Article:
Lieutenant Colonel Edward Vaughn Dongan, commander of the 3rd Battalion of New Jersey Volunteers in Skinner’s Loyalist brigade was mortally wounded in a skirmish, midway between the Old Blazing Star Ferry and Prince’s Bay. He was taken to a local farm (which I have yet to identify). It may very well be The Abraham Manee Farmhouse in Prince’s Bay, where British redoubts have been discovered nearby.
Edward Vaughan Dongan was born January 3, 1749. After his father’s death, he went with his mother to live in Elizabeth. He was brought up a lawyer and lived at New Brunswick, N. J., where he married a daughter of Squire La Grange, a lawyer of that place. On the outbreak of the revolution, he made himself obnoxious on account of his adherence to royalty and was driven from his home before the British landed in New York. His father-in-law and family were in sympathy with him, and their estate was afterward forfeited.
Lt. Col. Edward Vaughan Dongan, along with Major Robert Drummond of the 3rd Battalion New Jersey Volunteers, had participated in Loyalist Foraging Raids into the New Jersey countryside from the Winter and early Spring of 1777. They successfully captured prisoners and livestock in one Foraging Raid into New Jersey from Staten Island on August 19, 1777.
It was now known that the rebels on this side had gone off towards Richmond; they were eagerly pursued, and on the road beyond that village an account was received from Lieutenant-Colonel Dongan, that his post had been attacked by the second division of the enemy, and obliged to retire, (which they did with very little loss,) towards Lieutenant-Colonel Allen, who had himself very seasonably retired, and taken post on a height near Prince’s Bay, where Lieutenant-Colonel Dongan had joined him. A large body of the rebels had twice made a show of attacking them, but finally declined it, and marched off towards the Old Blazing Star. Those two gallant officers soon determined to pursue them, and now gave information to Brigadier-General Skinner that they were on the way and requested orders which were immediately despatched to them, to proceed, and at all events to attack the enemy as soon as possible, informing them at the same time, that their brother volunteers from the right were coming up with all speed to join them, and that the regular troops, with General Campbell, were at hand to support them. These orders were executed with equal spirit and success. Notwithstanding a great disparity of numbers, these new troops attacked the rear of the enemy, consisting of Smallwood’s and other corps that are foremost in reputation among the rebels, with an intrepidity and perseverance that would have done honor to veterans. A considerable number of the enemy were killed, and about three hundred taken prisoners, including twenty-one officers, viz., one lieutenant colonel, three majors, two captains, ten lieutenants, three ensigns, one surgeon, and one officer wounded. By this time, General Campbell had got up one piece of cannon with a detachment of the artillery. That piece was soon followed by two or three more, and a well-directed fire of round and grape shot had a great effect on the rebel boats, and on those of their people who had got over to the Jersey shore. Our loss, in the whole affair, is five killed, seven wounded, and eighty-four missing. Among the wounded were Lieutenant-Colonel Dongan1 and Major Barnes, both officers of distinguished bravery.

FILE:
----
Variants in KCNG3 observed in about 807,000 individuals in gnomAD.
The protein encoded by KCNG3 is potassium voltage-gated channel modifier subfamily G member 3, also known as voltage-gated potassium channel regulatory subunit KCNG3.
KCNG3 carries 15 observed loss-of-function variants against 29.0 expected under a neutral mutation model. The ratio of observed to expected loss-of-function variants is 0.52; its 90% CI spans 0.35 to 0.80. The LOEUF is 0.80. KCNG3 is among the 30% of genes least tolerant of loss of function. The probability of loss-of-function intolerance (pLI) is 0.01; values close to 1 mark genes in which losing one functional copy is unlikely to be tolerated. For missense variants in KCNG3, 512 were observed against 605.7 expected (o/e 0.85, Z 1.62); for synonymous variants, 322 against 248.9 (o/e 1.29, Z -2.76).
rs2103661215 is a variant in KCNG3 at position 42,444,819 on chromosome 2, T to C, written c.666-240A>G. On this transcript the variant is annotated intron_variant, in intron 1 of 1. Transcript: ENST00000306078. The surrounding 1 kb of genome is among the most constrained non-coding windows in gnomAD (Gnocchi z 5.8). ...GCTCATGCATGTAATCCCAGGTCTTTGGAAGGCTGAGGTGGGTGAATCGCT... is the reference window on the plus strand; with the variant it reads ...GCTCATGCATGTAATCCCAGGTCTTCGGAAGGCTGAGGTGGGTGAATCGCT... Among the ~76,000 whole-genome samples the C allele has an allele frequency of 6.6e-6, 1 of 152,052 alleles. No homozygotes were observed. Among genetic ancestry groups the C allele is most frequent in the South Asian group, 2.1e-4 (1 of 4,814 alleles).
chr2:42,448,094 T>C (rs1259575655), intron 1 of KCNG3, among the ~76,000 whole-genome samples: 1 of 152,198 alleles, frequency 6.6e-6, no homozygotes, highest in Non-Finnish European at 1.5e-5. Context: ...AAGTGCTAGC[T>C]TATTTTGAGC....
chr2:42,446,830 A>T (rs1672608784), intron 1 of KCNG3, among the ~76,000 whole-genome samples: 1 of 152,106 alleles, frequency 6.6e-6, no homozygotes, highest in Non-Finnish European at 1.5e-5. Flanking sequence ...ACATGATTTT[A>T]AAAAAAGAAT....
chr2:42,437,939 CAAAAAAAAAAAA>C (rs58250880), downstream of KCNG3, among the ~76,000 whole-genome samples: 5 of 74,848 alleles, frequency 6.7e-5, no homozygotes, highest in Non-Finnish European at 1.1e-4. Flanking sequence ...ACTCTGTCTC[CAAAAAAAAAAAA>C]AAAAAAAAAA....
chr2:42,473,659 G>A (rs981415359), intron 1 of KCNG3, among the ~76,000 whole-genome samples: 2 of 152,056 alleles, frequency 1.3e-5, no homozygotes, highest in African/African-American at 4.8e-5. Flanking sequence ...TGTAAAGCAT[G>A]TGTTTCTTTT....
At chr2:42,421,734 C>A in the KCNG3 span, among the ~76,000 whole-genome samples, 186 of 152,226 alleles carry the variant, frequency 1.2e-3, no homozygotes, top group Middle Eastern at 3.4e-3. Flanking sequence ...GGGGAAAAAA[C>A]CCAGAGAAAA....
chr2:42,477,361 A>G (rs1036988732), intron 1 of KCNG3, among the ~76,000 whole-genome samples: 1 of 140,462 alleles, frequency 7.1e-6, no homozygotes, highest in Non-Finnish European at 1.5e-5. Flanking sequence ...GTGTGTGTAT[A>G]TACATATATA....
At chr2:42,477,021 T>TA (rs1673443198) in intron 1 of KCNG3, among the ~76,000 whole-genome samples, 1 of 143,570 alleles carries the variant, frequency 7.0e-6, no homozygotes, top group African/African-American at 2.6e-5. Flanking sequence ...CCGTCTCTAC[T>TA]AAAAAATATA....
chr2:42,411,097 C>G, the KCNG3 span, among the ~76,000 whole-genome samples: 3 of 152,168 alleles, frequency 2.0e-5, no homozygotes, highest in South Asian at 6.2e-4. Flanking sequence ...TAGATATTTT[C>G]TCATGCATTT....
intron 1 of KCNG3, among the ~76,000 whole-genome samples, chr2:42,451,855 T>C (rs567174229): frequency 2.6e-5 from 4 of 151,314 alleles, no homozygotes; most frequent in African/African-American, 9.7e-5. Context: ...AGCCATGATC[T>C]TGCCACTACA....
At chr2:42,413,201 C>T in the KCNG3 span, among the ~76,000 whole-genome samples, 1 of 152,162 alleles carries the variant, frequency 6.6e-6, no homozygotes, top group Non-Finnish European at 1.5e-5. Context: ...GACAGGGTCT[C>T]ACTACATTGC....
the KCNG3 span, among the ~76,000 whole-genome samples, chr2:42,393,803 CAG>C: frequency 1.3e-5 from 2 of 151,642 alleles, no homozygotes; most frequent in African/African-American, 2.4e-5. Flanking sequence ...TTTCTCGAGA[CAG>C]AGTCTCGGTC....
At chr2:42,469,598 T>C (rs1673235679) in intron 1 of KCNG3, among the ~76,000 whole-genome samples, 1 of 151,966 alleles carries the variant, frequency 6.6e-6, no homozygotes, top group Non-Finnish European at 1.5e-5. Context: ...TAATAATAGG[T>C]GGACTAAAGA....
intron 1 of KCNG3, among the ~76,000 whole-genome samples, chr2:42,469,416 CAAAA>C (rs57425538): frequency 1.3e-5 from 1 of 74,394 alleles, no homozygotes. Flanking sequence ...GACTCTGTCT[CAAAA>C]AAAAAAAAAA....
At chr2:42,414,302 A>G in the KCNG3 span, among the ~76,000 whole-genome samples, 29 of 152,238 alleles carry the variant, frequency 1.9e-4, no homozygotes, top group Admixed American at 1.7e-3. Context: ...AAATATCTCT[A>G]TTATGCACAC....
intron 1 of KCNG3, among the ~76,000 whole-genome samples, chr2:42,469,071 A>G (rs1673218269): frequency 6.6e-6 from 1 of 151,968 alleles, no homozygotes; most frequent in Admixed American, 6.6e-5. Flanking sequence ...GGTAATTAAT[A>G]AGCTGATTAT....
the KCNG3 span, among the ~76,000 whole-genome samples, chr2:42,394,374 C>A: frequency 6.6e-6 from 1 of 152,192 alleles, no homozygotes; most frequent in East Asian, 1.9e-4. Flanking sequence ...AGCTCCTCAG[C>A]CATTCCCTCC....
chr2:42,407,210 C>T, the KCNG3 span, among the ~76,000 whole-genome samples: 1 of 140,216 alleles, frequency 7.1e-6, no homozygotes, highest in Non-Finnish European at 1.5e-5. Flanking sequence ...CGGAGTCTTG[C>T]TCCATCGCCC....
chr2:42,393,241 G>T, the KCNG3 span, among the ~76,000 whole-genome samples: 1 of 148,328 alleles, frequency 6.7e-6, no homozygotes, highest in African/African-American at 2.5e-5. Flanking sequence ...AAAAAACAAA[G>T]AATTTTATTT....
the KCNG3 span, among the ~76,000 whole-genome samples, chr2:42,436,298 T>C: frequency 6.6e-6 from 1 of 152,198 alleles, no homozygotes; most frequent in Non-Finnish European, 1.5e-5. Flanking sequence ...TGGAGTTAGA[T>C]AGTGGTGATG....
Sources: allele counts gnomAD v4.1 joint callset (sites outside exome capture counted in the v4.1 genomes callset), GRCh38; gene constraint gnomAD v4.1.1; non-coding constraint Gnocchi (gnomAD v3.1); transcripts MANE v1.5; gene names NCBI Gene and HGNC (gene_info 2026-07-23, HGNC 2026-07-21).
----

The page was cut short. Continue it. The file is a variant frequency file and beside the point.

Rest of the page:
The rebels, by this attempt, have, indeed, got a good deal of plunder, chiefly from the inhabitants, of which they may possibly be ready to boast, for they have often boasted of exploits which honest men would deem a disgrace; and they have reason on this occasion to blush for their conduct.
Lieutenant-Colonel Edward Vaughan Dongan died of his wounds soon after the action. He was the commandant of the third battalion of New Jersey Volunteers; the youngest son of Walter Dongan, Esq., late of Staten Island; was bred to the law, and supported a most amiable character. He was in his twenty-ninth year and left a young distressed widow to lament the death of an affectionate husband. Their only child died a few hours before him.
‘Gaine’s Mercury, September 1. * In New Jersey.
Excerpts from: Frank Moore, Diary of the American Revolution: From Newspapers and Original Documents, Volume 1, C. Scribner, 1860.